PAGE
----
In order to create an inventory of coastal resources in this project, it is necessary to continuously collect secondary data aside from the primary data acquired from LiDAR surveys. While waiting for LiDAR data sets, the CoastMap Component collected secondary data from various government agencies, local government units, and from nongovernment organizations. This has been facilitated by arranging various meetings with representatives from these agencies and organizations and from the Regional Development Council as pointed out earlier in this report.

 
 

  Secondary Data Collection

 

            A search for available online and offline databases was carried out. We found few existing databases on the coastal resources of the entire country. Attached to this report are the databases that were downloaded and requested from various institutions. It should be noted that the institutions we emailed for the request requires us to use the dataset for non-commercial purposes only. The databases were collected from the following sites: Global Administrative Areas (GADM version 2) at http://www.gadm.org; Ocean Data Viewer at http://data.unep-wcmc.org/datasets/; Philippine GIS Data Clearinghouse (PhilGIS) at http://www.philgis.org; The Coral Triangle Atlas (CT Atlas) at http://ctatlas.reefbase.org. So far, the following databases were collected: [1] sites where coral bleaching occurred; [2] sites where coral diseases were reported; [3] marine protected areas; [4] reef locations; [5] seaports; [6] bathymetric data; [7] mangrove areas; [8] seagrasses. It should be noted that the metadata accompanying the databases are not very informative and there is a need to know the geographic coordinate system that the various databases were using.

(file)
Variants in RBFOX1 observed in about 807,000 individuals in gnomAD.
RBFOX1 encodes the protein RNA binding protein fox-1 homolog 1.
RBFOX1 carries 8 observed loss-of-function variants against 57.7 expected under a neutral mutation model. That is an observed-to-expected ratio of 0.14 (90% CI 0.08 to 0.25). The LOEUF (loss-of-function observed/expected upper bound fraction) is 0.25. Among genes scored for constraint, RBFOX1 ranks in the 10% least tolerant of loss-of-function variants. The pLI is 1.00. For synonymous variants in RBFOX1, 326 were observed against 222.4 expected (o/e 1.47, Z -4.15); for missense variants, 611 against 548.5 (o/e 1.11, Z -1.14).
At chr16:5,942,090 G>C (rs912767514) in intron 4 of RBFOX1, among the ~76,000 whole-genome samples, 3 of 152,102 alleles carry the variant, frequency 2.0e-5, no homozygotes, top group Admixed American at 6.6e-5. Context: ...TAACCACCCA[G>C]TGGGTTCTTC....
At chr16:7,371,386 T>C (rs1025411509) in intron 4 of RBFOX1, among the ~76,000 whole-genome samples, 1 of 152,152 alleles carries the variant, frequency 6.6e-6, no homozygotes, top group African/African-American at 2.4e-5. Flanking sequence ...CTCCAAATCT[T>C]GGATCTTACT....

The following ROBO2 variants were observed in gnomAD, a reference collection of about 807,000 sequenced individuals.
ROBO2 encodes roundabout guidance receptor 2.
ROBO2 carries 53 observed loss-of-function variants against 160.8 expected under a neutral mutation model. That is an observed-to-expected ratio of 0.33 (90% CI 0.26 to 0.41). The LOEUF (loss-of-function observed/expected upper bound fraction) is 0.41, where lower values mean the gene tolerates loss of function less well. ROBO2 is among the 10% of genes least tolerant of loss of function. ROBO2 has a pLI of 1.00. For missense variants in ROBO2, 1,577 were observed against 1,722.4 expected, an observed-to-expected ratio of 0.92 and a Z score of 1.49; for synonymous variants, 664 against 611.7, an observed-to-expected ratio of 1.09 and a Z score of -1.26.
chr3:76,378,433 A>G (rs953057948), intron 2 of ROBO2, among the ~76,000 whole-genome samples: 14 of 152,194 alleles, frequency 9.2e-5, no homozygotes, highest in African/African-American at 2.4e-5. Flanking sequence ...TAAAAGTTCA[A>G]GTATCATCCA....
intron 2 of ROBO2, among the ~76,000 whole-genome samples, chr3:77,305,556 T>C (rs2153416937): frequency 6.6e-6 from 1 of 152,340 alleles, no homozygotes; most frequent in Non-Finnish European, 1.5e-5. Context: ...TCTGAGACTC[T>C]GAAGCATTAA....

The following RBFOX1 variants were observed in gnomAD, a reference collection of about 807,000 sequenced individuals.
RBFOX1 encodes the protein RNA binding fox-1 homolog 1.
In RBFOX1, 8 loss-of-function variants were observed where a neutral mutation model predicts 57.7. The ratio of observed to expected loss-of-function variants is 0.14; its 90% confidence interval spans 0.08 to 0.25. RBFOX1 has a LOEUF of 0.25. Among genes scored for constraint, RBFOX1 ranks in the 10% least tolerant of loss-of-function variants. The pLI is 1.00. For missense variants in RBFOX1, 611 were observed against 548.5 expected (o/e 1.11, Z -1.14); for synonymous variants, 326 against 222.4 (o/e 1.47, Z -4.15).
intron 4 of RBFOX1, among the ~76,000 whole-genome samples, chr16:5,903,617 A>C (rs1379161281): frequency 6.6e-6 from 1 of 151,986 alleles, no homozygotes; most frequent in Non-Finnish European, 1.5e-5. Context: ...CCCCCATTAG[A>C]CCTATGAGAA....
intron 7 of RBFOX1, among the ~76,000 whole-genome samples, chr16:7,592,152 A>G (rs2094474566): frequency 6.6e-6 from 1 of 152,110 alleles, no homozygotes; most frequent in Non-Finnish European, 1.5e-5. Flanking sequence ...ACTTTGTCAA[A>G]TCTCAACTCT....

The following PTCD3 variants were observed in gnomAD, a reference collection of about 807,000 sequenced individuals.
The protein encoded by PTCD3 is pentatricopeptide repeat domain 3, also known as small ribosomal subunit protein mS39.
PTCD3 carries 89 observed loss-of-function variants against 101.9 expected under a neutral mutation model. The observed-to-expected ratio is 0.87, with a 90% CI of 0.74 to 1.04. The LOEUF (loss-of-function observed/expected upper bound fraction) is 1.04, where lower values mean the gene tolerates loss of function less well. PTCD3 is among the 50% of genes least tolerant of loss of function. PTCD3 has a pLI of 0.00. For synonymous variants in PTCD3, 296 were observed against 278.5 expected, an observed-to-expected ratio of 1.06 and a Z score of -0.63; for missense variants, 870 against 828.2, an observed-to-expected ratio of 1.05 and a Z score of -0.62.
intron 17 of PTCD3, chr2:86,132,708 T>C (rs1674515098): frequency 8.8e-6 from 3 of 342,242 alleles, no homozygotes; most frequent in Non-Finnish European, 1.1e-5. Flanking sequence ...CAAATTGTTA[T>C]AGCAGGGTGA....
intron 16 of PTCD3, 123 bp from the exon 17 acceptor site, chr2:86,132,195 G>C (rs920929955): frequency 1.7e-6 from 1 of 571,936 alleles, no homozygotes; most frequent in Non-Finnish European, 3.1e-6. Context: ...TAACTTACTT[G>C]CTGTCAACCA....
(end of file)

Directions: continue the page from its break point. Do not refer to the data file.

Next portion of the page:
Sample maps showing coral reefs, mangrove forest coverage, marine protected areas, and coastal bathymetry are shown in Figure 6.1, Figure 6.2, Figure 6.3, and Figure 6.4, respectively. Figure 6.5 shows the mangrove forest cover and fishponds in Bohol and Figure 6.6 is the same as Figure 6.1 except that buildup areas (areas with increasing demographics) are included. It can be seen that among the provinces in Central Visayas, Bohol is the most ecologically stable in terms of marine resources and the number of marine protected areas. Although more urbanized as can be seen in the number and size of buildup areas in Figure 6.6, Cebu generally has considerable marine/coastal resources and has relatively stable marine environment due to its relatively high number of marine protected areas (second to Bohol).

 

           Extensive information on the use of GIS in government reports also exist. For example, a NEDA 7 report on the Regional Physical Framework Plan (RPFP) covering a time horizon from 2003-2030 made extensive use of GIS generated map to convey information to its readers (i.e., politicians, bureaucrats). Similarly, the figures of another NEDA 7 report the Central Visayas Isle Ecotourism Development Plan 2012-2016 made extensive use of GIS maps. The coastal environmental profiles of the learning sites (Green et al., 2002; Christie et al., 2006; Yambao et al., 2001; Green et al., 2000; Sotto et al., 2001; Green et al., 2004) of the USAID-funded CRMP (Coastal Resource Management Program) of the DENR also extensively produce coastal habitat (GIS-based) maps. However, the data were point-based & spatial analyses were probably limited. However, one example in really using the available database is the article by Weeks et al. (2009) which compiled MPA data from different sources (i.e., NGOs, academes in the Philippines, UNEP global protected area databases (WCMC 2007), MPA Global (Wood 2007), peer reviewed and gray literatures) into a new geodatabase of Philippine MPAs using ArcGIS.

 

  Central Visayas Coral Reef

 
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  Central Visayas Managrove Forest in 2010

 
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